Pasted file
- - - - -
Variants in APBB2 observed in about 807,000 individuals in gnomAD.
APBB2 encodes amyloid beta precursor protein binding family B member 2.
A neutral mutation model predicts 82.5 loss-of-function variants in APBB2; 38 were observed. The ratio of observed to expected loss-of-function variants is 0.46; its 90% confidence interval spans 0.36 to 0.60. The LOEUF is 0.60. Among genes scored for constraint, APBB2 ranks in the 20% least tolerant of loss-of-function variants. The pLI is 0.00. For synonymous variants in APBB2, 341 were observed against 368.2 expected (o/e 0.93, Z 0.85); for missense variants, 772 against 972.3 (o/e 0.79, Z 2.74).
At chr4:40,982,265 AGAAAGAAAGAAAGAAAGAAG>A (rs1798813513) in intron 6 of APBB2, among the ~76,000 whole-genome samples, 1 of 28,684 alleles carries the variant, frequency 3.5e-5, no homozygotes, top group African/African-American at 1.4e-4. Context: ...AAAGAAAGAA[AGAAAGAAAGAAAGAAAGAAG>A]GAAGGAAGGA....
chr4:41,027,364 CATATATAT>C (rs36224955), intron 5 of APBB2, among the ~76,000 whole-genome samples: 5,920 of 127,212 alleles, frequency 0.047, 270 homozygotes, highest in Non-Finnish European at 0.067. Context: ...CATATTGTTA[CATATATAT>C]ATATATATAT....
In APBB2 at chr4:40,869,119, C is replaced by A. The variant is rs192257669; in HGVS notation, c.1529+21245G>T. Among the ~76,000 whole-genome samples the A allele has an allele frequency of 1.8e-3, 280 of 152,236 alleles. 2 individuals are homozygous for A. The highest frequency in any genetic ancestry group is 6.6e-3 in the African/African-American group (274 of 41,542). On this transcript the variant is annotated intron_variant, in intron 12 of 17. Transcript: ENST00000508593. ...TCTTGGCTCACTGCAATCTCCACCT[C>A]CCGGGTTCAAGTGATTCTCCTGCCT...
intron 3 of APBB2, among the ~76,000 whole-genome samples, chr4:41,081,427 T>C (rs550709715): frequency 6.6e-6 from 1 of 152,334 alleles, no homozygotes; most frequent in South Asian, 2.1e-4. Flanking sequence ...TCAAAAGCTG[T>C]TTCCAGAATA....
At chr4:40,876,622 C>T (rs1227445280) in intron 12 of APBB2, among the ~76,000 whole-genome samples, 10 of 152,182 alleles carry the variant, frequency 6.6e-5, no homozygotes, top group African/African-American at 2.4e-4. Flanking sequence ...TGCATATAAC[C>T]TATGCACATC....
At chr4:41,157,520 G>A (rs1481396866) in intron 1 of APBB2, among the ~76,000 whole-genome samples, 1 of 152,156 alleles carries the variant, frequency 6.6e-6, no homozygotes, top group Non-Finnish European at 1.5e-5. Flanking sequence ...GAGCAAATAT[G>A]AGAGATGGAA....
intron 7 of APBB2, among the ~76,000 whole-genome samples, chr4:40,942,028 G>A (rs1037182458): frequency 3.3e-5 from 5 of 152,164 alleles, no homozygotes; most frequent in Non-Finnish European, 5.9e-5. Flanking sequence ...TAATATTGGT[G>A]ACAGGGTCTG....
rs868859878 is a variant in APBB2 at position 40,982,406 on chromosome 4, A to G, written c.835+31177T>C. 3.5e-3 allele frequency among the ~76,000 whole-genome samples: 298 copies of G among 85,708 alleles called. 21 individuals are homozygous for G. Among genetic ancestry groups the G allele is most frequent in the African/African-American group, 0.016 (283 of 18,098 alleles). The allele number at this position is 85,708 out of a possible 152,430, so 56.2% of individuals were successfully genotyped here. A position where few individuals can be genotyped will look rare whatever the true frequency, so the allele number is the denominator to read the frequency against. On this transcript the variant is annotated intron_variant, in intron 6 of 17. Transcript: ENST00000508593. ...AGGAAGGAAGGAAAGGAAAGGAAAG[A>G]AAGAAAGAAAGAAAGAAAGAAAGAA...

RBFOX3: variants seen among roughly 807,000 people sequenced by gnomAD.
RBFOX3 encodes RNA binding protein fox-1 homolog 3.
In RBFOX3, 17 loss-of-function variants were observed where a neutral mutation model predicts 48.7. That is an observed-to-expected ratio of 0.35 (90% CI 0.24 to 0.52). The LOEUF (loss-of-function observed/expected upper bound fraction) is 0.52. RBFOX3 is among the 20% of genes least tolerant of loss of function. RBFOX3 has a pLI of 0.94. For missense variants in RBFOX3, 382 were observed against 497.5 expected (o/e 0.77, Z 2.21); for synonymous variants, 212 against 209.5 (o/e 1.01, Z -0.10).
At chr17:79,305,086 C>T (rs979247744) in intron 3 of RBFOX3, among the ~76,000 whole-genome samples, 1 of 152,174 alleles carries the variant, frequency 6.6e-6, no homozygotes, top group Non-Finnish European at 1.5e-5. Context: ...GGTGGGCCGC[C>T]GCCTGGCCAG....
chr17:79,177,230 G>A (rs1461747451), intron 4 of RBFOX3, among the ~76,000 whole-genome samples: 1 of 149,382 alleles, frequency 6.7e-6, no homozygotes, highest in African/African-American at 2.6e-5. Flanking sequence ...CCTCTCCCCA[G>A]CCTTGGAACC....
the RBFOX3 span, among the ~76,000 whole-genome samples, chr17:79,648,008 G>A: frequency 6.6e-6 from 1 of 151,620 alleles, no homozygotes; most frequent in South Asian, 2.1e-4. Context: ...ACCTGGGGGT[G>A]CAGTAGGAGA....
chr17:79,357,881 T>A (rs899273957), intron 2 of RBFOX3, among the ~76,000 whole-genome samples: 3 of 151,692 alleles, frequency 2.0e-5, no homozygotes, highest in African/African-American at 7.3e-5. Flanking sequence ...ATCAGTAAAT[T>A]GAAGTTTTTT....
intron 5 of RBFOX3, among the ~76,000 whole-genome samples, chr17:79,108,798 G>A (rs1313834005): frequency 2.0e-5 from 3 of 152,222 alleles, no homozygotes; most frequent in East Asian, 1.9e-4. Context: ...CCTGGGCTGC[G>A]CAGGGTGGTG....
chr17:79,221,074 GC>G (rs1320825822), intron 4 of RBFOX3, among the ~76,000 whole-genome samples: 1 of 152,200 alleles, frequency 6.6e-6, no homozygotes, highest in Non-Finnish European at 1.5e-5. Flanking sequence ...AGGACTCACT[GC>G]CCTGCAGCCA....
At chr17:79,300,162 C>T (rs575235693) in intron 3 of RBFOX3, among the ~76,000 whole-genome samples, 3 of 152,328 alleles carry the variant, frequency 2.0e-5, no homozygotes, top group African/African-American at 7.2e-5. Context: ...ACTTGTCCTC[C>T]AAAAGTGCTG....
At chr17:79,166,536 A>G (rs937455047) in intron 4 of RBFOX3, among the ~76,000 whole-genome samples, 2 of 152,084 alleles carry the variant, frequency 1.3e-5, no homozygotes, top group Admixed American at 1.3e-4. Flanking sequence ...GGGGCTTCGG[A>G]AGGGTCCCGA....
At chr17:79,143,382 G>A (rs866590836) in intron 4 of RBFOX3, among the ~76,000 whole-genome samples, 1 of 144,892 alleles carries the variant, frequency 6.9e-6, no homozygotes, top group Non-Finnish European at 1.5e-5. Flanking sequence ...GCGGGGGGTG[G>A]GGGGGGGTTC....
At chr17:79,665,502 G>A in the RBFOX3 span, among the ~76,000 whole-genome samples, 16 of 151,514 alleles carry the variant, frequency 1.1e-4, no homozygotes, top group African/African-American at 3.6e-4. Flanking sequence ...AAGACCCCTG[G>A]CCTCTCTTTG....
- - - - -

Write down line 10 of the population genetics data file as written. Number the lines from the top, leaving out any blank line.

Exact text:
intron 7 of APBB2, among the ~76,000 whole-genome samples, chr4:40,942,028 G>A (rs1037182458): frequency 3.3e-5 from 5 of 152,164 alleles, no homozygotes; most frequent in Non-Finnish European, 5.9e-5. Flanking sequence ...TAATATTGGT[G>A]ACAGGGTCTG....